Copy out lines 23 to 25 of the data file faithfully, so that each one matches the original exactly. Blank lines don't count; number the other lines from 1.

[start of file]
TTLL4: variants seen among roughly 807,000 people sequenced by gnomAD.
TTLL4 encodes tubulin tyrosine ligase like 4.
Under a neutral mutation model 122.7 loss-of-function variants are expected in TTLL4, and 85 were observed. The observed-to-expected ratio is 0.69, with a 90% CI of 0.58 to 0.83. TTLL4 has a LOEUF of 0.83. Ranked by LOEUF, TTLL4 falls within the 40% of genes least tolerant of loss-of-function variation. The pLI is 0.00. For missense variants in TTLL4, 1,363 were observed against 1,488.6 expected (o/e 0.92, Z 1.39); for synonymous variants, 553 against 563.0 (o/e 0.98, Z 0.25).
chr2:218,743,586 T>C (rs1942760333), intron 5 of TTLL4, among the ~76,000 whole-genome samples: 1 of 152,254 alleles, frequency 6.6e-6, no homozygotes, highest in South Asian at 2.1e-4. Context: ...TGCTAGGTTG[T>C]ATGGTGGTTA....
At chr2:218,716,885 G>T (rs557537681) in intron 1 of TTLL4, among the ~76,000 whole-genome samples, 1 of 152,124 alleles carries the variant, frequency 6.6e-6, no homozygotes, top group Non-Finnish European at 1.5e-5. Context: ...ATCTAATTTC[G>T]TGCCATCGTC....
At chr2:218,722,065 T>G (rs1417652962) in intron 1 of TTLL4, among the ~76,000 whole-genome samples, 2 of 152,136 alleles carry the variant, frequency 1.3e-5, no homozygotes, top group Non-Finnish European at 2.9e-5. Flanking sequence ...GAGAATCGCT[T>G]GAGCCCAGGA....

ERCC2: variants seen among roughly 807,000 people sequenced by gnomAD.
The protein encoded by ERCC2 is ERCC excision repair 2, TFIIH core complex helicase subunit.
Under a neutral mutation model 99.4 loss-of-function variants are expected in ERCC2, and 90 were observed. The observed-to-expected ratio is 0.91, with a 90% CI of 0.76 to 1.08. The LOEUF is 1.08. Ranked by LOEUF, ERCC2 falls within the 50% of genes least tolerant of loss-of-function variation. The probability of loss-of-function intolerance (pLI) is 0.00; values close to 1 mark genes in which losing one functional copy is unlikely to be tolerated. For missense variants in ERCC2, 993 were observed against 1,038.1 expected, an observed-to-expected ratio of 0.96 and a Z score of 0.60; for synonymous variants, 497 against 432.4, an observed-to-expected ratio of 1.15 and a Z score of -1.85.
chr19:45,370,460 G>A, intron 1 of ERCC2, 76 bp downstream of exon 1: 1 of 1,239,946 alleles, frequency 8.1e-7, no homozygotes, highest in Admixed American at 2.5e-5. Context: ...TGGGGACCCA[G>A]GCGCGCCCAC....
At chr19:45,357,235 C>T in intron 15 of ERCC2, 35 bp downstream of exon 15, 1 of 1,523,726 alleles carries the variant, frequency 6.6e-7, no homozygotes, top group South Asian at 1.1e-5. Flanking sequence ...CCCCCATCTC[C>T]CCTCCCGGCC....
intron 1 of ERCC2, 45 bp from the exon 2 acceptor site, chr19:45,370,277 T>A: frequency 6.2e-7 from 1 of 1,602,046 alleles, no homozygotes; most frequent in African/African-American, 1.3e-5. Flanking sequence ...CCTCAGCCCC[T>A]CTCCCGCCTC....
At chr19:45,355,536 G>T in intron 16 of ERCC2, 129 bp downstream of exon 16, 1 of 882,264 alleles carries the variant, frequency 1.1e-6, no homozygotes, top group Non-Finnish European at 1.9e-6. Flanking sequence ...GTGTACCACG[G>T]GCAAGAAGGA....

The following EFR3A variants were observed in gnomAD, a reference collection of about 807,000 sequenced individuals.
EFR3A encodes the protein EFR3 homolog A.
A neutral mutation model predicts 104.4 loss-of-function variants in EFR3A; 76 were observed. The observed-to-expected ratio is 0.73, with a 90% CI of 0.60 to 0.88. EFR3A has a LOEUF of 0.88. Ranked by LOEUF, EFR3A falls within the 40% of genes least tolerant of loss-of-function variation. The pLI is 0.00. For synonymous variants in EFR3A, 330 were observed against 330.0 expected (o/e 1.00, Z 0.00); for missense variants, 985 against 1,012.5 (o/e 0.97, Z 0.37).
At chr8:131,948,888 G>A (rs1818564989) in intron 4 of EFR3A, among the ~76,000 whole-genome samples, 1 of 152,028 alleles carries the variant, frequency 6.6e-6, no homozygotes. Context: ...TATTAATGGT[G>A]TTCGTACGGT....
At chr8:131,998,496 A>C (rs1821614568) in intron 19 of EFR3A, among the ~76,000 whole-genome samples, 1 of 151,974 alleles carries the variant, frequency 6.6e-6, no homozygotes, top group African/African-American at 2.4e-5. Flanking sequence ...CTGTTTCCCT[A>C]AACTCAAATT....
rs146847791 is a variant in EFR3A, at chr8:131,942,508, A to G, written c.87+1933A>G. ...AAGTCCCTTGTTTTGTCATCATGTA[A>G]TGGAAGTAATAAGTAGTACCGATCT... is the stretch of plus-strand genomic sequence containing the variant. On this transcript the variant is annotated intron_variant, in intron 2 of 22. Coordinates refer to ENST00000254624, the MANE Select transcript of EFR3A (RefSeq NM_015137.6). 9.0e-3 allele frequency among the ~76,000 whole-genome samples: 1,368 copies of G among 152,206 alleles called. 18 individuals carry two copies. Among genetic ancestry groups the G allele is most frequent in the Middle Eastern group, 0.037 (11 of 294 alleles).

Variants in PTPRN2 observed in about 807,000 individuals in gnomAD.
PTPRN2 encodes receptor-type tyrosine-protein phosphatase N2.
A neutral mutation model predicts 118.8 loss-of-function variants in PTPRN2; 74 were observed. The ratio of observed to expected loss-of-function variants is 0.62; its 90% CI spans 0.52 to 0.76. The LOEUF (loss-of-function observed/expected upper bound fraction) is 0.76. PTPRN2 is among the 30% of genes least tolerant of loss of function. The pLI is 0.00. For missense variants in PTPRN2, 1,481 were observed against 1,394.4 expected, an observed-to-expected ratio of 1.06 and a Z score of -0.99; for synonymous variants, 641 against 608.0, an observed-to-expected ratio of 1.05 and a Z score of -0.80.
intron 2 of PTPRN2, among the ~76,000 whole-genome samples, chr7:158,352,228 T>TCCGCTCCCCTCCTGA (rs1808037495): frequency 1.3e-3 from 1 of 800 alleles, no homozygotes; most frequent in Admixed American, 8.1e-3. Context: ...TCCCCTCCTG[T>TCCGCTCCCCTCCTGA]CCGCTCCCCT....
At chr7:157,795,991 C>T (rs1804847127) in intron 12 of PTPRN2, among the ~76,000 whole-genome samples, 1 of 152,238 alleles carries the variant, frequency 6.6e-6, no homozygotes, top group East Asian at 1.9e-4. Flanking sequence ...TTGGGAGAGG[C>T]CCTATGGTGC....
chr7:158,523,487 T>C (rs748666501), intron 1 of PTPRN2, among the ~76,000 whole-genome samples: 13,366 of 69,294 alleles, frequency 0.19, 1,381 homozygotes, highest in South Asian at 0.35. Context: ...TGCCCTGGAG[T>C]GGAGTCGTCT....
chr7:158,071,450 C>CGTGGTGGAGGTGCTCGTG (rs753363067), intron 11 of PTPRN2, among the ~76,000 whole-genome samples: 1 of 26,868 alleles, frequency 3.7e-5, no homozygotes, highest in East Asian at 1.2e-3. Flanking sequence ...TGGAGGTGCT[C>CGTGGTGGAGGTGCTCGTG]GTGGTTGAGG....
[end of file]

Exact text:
intron 2 of PTPRN2, among the ~76,000 whole-genome samples, chr7:158,352,228 T>TCCGCTCCCCTCCTGA (rs1808037495): frequency 1.3e-3 from 1 of 800 alleles, no homozygotes; most frequent in Admixed American, 8.1e-3. Context: ...TCCCCTCCTG[T>TCCGCTCCCCTCCTGA]CCGCTCCCCT....
At chr7:157,795,991 C>T (rs1804847127) in intron 12 of PTPRN2, among the ~76,000 whole-genome samples, 1 of 152,238 alleles carries the variant, frequency 6.6e-6, no homozygotes, top group East Asian at 1.9e-4. Flanking sequence ...TTGGGAGAGG[C>T]CCTATGGTGC....
chr7:158,523,487 T>C (rs748666501), intron 1 of PTPRN2, among the ~76,000 whole-genome samples: 13,366 of 69,294 alleles, frequency 0.19, 1,381 homozygotes, highest in South Asian at 0.35. Context: ...TGCCCTGGAG[T>C]GGAGTCGTCT....